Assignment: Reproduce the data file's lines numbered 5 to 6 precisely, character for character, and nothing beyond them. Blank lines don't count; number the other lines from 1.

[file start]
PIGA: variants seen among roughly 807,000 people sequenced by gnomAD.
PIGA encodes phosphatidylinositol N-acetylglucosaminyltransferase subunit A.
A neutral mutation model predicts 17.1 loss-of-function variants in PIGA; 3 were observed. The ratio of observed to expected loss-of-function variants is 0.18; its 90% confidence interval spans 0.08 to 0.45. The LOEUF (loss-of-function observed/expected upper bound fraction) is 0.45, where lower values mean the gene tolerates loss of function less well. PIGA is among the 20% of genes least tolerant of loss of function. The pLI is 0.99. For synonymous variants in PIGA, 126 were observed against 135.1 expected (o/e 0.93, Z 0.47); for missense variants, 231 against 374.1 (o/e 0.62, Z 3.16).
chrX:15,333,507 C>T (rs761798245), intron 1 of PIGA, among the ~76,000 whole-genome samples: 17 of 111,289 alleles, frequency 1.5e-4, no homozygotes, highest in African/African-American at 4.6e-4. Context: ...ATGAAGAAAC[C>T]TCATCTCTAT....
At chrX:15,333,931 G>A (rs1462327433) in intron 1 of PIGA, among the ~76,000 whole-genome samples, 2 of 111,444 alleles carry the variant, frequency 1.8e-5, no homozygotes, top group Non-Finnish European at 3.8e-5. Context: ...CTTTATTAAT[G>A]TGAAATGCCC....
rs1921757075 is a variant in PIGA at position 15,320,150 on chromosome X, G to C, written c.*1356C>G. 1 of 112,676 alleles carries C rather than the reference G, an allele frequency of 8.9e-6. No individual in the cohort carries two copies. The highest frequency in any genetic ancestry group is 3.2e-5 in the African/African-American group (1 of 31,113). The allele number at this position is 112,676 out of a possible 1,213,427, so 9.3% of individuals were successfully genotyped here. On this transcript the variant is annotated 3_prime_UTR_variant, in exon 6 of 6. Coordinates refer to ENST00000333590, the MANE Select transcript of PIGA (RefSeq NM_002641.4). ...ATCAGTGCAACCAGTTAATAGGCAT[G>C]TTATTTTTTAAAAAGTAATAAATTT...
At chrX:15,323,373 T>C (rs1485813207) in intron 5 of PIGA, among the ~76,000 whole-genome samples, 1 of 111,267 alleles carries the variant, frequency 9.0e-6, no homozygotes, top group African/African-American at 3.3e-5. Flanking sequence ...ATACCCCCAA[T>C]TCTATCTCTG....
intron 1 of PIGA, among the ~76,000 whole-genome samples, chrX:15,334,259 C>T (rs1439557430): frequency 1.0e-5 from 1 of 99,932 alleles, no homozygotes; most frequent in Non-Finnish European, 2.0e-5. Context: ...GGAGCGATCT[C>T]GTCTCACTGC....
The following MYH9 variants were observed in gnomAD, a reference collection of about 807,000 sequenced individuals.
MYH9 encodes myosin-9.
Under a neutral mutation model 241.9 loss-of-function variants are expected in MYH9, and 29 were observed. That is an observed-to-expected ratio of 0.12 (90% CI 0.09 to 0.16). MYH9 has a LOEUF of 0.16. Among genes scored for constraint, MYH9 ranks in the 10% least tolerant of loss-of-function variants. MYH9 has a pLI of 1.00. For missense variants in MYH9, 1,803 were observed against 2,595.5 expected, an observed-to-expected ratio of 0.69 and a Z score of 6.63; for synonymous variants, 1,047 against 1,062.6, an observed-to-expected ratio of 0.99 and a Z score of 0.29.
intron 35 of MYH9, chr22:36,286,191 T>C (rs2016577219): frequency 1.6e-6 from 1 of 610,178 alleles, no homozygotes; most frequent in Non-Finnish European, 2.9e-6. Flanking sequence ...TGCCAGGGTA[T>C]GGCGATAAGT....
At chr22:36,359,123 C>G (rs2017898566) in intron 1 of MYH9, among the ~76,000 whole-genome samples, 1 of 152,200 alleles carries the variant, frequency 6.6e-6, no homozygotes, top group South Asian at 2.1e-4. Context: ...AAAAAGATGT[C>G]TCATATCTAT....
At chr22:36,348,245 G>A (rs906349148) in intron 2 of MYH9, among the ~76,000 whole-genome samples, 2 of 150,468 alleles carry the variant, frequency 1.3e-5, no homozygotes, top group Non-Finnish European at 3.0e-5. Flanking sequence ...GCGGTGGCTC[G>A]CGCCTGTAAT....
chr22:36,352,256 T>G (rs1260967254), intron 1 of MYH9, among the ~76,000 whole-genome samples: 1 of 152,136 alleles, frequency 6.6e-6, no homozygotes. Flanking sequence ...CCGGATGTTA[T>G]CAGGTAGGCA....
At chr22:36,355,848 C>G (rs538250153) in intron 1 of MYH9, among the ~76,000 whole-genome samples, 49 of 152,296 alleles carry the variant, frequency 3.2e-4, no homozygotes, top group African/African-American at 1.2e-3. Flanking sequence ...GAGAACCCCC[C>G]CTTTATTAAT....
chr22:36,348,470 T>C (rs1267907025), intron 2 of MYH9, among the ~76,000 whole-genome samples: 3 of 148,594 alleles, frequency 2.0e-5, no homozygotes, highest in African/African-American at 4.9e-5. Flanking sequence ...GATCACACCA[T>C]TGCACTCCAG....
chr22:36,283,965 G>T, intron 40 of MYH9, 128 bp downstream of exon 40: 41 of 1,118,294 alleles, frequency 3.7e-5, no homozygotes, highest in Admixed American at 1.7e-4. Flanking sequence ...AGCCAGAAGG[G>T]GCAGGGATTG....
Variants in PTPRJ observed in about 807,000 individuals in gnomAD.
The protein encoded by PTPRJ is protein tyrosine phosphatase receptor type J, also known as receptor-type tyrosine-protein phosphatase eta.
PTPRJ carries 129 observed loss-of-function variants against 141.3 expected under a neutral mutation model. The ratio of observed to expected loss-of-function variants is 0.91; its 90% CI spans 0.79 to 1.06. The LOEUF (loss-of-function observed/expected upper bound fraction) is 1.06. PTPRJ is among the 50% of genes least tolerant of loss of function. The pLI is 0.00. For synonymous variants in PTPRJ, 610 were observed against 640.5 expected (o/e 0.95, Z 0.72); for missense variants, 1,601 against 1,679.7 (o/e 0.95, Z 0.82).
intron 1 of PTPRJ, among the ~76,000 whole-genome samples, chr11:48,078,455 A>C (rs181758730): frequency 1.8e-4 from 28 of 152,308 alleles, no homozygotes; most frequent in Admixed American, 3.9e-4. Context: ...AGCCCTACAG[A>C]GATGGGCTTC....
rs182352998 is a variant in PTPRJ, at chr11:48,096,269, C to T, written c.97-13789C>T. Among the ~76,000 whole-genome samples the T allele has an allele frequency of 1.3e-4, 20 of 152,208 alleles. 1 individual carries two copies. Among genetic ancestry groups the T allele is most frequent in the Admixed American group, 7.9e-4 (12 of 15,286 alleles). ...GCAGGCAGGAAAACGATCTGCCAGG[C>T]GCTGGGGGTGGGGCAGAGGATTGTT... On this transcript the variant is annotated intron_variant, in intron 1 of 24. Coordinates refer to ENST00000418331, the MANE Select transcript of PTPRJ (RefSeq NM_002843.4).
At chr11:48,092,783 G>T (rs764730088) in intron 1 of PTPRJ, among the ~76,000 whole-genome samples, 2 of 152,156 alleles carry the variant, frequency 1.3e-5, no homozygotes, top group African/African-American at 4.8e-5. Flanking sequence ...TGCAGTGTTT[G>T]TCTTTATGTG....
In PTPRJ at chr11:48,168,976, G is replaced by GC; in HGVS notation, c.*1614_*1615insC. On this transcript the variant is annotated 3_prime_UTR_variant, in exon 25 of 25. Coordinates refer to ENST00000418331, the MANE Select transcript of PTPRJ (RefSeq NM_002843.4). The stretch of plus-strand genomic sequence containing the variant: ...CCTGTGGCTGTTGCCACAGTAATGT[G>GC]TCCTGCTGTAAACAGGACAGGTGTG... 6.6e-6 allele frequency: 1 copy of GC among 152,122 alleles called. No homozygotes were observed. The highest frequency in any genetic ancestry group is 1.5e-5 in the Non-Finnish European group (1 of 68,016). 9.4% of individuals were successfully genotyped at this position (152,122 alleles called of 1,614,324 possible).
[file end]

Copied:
At chrX:15,333,931 G>A (rs1462327433) in intron 1 of PIGA, among the ~76,000 whole-genome samples, 2 of 111,444 alleles carry the variant, frequency 1.8e-5, no homozygotes, top group Non-Finnish European at 3.8e-5. Context: ...CTTTATTAAT[G>A]TGAAATGCCC....
rs1921757075 is a variant in PIGA at position 15,320,150 on chromosome X, G to C, written c.*1356C>G. 1 of 112,676 alleles carries C rather than the reference G, an allele frequency of 8.9e-6. No individual in the cohort carries two copies. The highest frequency in any genetic ancestry group is 3.2e-5 in the African/African-American group (1 of 31,113). The allele number at this position is 112,676 out of a possible 1,213,427, so 9.3% of individuals were successfully genotyped here. On this transcript the variant is annotated 3_prime_UTR_variant, in exon 6 of 6. Coordinates refer to ENST00000333590, the MANE Select transcript of PIGA (RefSeq NM_002641.4). ...ATCAGTGCAACCAGTTAATAGGCAT[G>C]TTATTTTTTAAAAAGTAATAAATTT...